As the 10-year continues to rise, the NAVs will continue to fall. I've seen commentary on SA stating that the continuous drop in the value of these muni funds will cease as they replace lower-yielding coupons with higher-yielding ones. That is false. Coupons are going up. Yes. But that will not come close to offsetting the duration or interest rate effects.

Retail investors scooped up munis last year with 1% yields and now don't want to touch them at 2% to 3% yields. We always see this in all areas of the market as outside factors are driving investors away. The contrarian in me wants to load up here - but I'm waiting impatiently.

For now, with the Fed in extremely aggressive rate-hiking mode, and the 10-year appears poised to only head higher. In fact, Goldman came out and said that they expect it to hit 3.5% in the next six months.

More pain could be coming. The paltry 2% yields on the individual muni bond side and even the 4.5%-5%+ (tax-free) on the CEF side won't be enough to offset another - potentially - 5% to 10%+ decline in NAV.

Distributions Are Starting To Break, There's Many More To Come

We have seen 24 cuts to muni CEF distributions already in April. That compares to 6 in March, 1 in February and 3 in January. That does seem like a lot but there are 119 municipal bond CEFs in the market. And many of them, like the MFS funds, micro-adjust the distributions almost monthly.

In all of last year, there were just 30 muni CEF cuts and only 21 that amounted to more than 2%.

We are going to be going that monthly it appears, at least for the next few months as sponsors right-size their distributions for the new leverage costs and the current environment.

The question will be if fund sponsors adjust to what they need now or if they forecast what they think leverage costs will be in 3-, 6-, or 9- months down the road.

As I noted many times now, distributions are slated to be cut 15-20% on average. We could see some funds that were already under-earning and/or have unfavorable leverage terms could cut even more.

Check out DWS Muni Income (KTF) which has now cut three times for a total reduction of -16.7%.



Distributions are the primary reason investors buy munis, so while many investors can ignore the NAV declines as temporary but cannot take the NAV declines and distribution cuts.

Our strategy would be to find those funds that have decent UNII and UNII trends, have strong yields, favorable call schedules, and recently cut large enough to sustain them enough to not have to cut again. Ideally, the market would sell off those funds that cut giving us a nice entry point as well.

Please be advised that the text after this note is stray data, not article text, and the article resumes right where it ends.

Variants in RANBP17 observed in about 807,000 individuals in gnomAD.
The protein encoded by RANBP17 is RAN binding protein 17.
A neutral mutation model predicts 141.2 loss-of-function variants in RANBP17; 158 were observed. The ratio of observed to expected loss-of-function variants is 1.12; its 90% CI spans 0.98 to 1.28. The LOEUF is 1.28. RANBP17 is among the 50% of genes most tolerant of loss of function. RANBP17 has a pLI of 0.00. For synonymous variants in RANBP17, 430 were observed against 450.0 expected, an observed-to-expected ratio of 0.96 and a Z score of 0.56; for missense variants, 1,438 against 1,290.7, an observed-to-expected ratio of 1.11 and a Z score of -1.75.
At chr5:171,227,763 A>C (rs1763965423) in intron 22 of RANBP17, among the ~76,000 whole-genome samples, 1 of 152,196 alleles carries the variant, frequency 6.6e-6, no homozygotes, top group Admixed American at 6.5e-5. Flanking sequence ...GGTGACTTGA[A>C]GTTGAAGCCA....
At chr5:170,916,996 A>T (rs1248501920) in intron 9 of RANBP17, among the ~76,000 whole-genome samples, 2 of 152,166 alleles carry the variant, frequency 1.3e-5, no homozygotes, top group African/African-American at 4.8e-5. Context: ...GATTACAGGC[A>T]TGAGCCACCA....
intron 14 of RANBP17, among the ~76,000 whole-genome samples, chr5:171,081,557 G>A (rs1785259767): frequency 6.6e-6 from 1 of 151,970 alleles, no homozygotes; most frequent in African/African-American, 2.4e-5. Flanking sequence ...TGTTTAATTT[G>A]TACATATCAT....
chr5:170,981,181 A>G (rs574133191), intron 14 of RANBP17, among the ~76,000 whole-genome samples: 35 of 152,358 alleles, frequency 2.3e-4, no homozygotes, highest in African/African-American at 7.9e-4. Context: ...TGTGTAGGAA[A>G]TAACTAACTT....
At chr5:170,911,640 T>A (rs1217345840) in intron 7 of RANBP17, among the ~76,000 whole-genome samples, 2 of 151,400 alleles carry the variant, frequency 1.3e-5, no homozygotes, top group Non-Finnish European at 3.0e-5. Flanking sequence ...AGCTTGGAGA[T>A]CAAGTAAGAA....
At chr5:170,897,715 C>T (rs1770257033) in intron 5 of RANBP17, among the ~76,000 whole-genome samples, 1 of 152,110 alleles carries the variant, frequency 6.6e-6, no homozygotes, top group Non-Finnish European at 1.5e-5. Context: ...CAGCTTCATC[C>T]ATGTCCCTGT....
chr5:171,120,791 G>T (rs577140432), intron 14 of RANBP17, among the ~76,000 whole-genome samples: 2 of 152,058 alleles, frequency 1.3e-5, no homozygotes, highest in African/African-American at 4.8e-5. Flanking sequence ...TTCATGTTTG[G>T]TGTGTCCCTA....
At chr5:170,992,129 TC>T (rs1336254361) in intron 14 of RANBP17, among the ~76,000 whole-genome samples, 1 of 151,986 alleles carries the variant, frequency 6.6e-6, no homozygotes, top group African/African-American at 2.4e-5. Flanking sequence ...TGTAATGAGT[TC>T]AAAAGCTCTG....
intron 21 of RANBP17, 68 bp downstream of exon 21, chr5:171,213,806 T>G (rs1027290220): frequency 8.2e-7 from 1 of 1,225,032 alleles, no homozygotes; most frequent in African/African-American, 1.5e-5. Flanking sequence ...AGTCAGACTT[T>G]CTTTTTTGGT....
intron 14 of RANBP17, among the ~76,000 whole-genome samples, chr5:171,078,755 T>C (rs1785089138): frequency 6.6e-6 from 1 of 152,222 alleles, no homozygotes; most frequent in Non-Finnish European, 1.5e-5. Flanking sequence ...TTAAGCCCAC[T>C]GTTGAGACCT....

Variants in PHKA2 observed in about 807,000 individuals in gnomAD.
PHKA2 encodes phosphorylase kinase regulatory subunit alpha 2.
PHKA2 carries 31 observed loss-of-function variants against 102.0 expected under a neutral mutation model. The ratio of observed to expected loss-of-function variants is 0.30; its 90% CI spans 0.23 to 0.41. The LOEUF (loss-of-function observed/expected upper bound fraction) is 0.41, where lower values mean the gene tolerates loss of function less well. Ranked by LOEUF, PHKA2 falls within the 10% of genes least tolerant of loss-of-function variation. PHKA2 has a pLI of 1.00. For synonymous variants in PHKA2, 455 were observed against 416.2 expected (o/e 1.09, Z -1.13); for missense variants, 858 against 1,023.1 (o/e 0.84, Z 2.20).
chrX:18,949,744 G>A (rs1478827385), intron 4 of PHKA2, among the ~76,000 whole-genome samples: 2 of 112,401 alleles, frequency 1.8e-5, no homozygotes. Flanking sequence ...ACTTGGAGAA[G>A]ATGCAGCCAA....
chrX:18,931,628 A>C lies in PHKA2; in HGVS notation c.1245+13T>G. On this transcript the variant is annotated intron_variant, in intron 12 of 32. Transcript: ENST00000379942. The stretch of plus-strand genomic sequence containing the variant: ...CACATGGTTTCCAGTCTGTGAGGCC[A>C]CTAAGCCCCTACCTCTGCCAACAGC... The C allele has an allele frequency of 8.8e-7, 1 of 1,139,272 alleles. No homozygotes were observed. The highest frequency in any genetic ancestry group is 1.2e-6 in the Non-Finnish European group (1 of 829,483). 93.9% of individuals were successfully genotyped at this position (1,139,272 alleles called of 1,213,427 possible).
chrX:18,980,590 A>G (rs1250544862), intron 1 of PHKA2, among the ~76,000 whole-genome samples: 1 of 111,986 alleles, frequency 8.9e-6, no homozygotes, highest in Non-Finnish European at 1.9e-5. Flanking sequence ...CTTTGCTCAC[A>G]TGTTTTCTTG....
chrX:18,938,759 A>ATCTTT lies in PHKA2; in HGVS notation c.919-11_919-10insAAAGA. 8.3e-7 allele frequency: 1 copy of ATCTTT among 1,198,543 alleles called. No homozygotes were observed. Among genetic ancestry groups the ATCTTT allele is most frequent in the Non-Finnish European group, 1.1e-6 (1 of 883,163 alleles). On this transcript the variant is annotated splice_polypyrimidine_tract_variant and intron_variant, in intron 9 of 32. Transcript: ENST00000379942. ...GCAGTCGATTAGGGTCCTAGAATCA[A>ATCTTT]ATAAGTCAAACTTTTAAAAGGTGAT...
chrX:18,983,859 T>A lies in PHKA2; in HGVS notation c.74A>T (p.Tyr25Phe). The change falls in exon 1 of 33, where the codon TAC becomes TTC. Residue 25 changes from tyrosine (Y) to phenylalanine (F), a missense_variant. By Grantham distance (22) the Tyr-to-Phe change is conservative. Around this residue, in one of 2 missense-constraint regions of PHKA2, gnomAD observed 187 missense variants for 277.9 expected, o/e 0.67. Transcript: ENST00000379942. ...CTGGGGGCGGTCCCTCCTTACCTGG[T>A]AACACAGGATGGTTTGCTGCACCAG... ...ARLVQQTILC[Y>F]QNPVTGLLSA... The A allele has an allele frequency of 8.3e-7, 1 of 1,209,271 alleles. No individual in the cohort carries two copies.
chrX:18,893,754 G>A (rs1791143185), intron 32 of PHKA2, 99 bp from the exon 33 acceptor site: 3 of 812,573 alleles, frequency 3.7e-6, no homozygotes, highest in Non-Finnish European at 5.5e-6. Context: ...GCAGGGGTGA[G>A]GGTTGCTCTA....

How To Think About Municipal Bond CEFs

Most CEF investors are retail investors and they can be too focused on short-termism, or the performance over short periods of time. Long-term investing seems to be going extinct in most areas of the market.

Commish JW had a great quote not long ago:

Each time he buys a ("muni") bond it is like adding a brick to the wall. I never look at it again or its price. People can't do that with CEFs because they look at the price everyday.

And here is another more specifically about muni CEFs:

If you buy muni CEFs, dividend auto-reinvest (for those that don't rely on the income right now) if you can "dollar cost averaging" or, alternatively, immediately reinvest distributions in the "best/cheapest" muni CEF you own. Build shares. Interest on interest is a powerful force over time."

Most municipal bond investors are buying based on the income flow. In late 2018, we saw a similar macro setup and decline in NAVs as interest rates rose. Many distributions were also cut then similar to what we expect in 2022.

As I discussed not long ago investors need to realize that declines in muni CEF NAVs are NOT a result of higher credit risk and a return OF your capital, but higher interest rates and the return ON your capital.

In other words, investors need to realize that these are LONG-TERM investments that will experience a roller-coaster in values. However, if we can navigate the distribution cuts, we can focus and keep the power of the income streams rolling.

Distribution reinvestment in these times can create some significant improvements in income streams that can help offset any potential cuts that materialize. Just a year ago, there were virtually no funds that paid over 5% and very few that paid more than 4.5%. Today, there are 63 funds that pay more than 5.0% and even 5 funds paying greater than 6.0% and three paying more than 7.0% (with some of that taxable and ROC).